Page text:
Door jambs sound an awful lot like a door jammer (something you might jam a door with). That leads some people to mix them up with door stops, the accessory that prevents a door from opening too far.
However, door jambs and door stops are two totally different door parts. Today, we’ll explore the main benefits and uses of each. After all, when you understand the parts of your door, you can choose the right parts and hardware for your commercial property!
Door jambs are a critical part of any door’s structure. A door jamb provides the support on which installers hang the door (that is, the two innermost vertical pieces of the door frame where the hinges for the door are attached). It isn’t part of the door frame itself. Instead, it sits inside of the door frame, where it is used to support the door.
Many doors come installed on door jambs. That is especially true when it comes to commercial doors that are built as a single unit. From there, it’s relatively easy to position the door and jamb within the frame to complete the installation.
Installation is much more complex when doors are not pre-installed on the door jambs. Constructing a door jamb for a specific door requires the utmost precision, and any deviation can make it difficult to close or open the door. Offset doors can also provide gaps through which pests and wind can enter.
The side jambs are what most people think of when they hear door jamb. Important components go into any door jamb. The head jamb, or top jamb, is the piece that runs along the top of the door to provide a snug fit and reliable seal.
Exterior doors and security doors will have a sill along the bottom of the door that connects the two side jambs. There will also be a threshold over the sill that serves to protect the sill. This is typically an aesthetic feature. However, all components of the door jamb play a critical role indoor security.
For commercial doors, jambs are typically made from steel. Manufacturers have the equipment to produce these door jambs with the highest level of precision to ensure a perfect fit every time. Steel is one of the easiest materials to implement using these manufacturing techniques.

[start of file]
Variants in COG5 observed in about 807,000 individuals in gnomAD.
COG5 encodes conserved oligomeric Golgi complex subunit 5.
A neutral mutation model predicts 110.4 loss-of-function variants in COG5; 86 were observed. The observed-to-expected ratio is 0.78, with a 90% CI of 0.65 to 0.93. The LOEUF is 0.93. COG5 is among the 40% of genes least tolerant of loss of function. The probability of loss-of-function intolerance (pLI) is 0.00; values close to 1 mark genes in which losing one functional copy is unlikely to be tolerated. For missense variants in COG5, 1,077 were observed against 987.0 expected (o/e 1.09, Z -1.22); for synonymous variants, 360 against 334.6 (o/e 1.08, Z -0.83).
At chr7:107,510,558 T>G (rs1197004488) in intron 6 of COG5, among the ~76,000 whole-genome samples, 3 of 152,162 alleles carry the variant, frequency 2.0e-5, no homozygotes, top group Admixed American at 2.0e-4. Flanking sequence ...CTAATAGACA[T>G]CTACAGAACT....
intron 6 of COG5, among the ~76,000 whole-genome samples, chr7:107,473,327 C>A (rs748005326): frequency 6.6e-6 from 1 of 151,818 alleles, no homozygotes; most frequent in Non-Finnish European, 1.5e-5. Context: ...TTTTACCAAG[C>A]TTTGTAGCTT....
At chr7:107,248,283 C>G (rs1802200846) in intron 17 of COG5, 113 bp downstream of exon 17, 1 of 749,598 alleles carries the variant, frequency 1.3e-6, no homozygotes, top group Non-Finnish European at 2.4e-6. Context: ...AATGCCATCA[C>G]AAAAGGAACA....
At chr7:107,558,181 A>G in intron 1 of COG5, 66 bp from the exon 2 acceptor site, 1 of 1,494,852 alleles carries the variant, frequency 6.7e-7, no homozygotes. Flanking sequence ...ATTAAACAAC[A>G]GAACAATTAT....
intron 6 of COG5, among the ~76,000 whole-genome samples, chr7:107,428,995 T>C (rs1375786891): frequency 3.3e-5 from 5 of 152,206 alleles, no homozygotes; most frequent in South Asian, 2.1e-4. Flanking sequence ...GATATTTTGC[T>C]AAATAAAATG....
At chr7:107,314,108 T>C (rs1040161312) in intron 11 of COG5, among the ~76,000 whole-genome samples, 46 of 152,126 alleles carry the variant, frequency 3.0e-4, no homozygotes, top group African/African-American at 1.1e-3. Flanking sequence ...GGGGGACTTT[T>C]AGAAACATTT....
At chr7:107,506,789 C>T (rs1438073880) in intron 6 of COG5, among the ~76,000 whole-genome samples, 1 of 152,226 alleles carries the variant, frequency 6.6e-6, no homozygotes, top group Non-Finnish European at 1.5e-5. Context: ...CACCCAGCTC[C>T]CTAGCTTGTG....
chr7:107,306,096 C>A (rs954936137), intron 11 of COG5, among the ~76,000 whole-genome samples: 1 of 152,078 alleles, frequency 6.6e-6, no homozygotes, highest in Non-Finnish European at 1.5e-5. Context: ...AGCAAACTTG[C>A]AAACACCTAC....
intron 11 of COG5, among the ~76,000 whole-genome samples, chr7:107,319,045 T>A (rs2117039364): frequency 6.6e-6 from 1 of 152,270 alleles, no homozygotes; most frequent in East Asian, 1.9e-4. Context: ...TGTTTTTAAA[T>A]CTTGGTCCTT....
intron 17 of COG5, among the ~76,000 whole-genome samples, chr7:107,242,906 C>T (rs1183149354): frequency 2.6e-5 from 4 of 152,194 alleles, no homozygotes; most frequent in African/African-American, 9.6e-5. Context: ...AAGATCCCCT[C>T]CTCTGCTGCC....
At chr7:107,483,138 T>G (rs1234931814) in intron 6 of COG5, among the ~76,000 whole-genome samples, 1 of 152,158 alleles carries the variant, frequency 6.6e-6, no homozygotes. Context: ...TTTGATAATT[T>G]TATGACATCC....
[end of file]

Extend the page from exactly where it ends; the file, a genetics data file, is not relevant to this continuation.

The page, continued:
Other door jambs are made of wood, especially for buildings that feature matching wood doors. Lastly, there are also fiberglass door jambs on the market that can offer similar precision to a commercial steel door jamb.
Door stops are quite simply the accessories that keep your door from swinging completely open and hitting the wall. Without high-quality door stops, you’ll likely end up with a hole where the doorknob strikes the wall, especially in your high-traffic zones.
Door stops come in many different varieties, according to their usage. Here, we’ll explore some of the most common kinds of door stops used within commercial properties.
The most common type of door stop is the plain old-fashioned baseboard door stop. They’re installed near the bottom of a wall and stick out far enough that they’ll be the first thing the door hits. They’re often springy, which means that anyone who hits them with their foot won’t be hurt.
Magnetic door stops provide the benefits of the traditional door stop while also featuring a magnet that can hold the door open. This is useful for stores and other businesses that might like to keep a door open to invite customers inside.
Some types of door stops can be installed on the door itself when it isn’t possible to install one on the wall. They prevent the doorknob from contacting the wall, just like any other door stop does.
Floor-mounted door stops can be installed on the floor instead of the wall. They typically provide more stopping power than a wall-mounted door stop and are especially useful for heavy commercial doors.
CDF Distributors offers a wide variety of door stops for commercial applications. It’s easy to find the style you’re looking for. For all of your door and hardware needs, get an instant quote and fast shipping when you partner with the team at CDF Distributors.